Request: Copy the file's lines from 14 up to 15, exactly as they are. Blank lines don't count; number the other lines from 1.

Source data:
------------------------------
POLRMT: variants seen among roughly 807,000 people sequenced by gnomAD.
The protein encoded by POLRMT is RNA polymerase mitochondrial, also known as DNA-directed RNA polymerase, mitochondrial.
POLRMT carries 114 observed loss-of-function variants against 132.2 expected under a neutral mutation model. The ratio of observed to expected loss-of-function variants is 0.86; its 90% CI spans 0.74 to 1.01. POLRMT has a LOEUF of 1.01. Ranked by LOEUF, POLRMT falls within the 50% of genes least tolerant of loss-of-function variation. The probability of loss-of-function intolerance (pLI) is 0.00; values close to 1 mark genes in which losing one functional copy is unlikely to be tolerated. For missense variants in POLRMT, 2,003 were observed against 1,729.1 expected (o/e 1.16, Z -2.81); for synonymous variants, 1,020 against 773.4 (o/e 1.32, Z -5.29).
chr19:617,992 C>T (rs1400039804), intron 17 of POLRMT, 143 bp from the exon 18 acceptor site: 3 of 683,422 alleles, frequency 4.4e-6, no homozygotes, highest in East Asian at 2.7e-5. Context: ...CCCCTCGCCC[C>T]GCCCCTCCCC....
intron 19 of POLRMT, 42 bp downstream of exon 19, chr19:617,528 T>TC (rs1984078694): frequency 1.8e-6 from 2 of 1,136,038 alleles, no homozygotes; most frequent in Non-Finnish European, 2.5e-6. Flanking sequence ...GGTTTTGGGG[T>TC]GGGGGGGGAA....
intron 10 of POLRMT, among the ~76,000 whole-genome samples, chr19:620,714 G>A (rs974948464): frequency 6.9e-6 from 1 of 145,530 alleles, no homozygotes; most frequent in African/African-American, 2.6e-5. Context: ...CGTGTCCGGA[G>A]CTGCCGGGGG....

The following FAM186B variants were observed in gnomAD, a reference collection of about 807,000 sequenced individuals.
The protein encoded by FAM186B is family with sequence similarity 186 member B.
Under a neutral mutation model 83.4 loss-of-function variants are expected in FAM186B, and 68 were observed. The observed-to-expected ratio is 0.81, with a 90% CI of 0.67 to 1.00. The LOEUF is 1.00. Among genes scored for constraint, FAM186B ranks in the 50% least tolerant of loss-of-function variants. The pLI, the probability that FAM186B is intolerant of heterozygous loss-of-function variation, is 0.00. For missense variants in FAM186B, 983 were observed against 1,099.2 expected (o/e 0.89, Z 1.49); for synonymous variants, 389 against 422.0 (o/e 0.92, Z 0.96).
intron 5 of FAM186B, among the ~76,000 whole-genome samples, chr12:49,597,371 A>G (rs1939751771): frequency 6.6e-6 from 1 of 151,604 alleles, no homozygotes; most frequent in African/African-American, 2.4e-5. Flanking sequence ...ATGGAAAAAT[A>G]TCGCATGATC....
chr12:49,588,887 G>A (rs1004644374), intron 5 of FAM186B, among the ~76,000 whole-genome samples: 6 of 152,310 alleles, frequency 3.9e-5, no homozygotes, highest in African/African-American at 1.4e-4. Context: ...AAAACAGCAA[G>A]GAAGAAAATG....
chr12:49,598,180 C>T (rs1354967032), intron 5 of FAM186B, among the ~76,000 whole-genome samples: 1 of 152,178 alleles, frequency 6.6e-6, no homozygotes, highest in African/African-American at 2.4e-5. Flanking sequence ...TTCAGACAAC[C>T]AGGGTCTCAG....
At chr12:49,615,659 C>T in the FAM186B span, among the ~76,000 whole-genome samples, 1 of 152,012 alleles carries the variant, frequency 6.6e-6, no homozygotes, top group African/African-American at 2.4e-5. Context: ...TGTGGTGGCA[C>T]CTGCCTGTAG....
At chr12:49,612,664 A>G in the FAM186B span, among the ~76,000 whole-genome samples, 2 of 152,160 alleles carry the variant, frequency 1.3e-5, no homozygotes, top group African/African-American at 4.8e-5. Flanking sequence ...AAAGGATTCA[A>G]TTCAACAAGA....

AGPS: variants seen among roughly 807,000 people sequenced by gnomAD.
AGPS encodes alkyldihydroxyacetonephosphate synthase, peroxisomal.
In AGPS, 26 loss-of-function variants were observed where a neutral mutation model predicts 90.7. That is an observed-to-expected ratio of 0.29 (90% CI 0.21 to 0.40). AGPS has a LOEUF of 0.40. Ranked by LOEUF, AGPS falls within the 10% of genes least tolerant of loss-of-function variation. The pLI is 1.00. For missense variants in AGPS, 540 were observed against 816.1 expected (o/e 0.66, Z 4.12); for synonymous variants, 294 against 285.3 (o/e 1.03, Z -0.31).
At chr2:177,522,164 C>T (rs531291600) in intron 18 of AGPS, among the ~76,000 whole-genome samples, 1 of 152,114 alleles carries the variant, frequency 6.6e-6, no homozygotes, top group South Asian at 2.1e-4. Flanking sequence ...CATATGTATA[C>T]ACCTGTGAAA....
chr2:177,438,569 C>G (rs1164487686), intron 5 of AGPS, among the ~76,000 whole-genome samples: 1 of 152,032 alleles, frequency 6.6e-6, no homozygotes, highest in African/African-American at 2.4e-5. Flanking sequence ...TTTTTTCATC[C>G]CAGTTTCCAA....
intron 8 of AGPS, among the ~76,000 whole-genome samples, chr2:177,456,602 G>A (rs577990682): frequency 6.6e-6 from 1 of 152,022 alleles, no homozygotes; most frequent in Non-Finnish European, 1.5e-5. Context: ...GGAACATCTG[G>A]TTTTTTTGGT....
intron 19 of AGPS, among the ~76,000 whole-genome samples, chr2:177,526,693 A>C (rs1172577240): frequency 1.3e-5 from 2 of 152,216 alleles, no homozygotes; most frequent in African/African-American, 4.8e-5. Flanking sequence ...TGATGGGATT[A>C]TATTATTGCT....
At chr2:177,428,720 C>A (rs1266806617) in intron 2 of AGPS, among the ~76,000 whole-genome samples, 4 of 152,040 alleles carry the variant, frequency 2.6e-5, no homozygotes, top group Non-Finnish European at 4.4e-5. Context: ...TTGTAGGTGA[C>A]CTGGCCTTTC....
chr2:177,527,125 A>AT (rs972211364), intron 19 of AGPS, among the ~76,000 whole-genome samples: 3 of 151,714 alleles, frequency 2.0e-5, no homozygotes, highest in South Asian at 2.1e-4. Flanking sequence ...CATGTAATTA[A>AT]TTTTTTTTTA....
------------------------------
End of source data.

At chr12:49,612,664 A>G in the FAM186B span, among the ~76,000 whole-genome samples, 2 of 152,160 alleles carry the variant, frequency 1.3e-5, no homozygotes, top group African/African-American at 4.8e-5. Flanking sequence ...AAAGGATTCA[A>G]TTCAACAAGA....

AGPS: variants seen among roughly 807,000 people sequenced by gnomAD.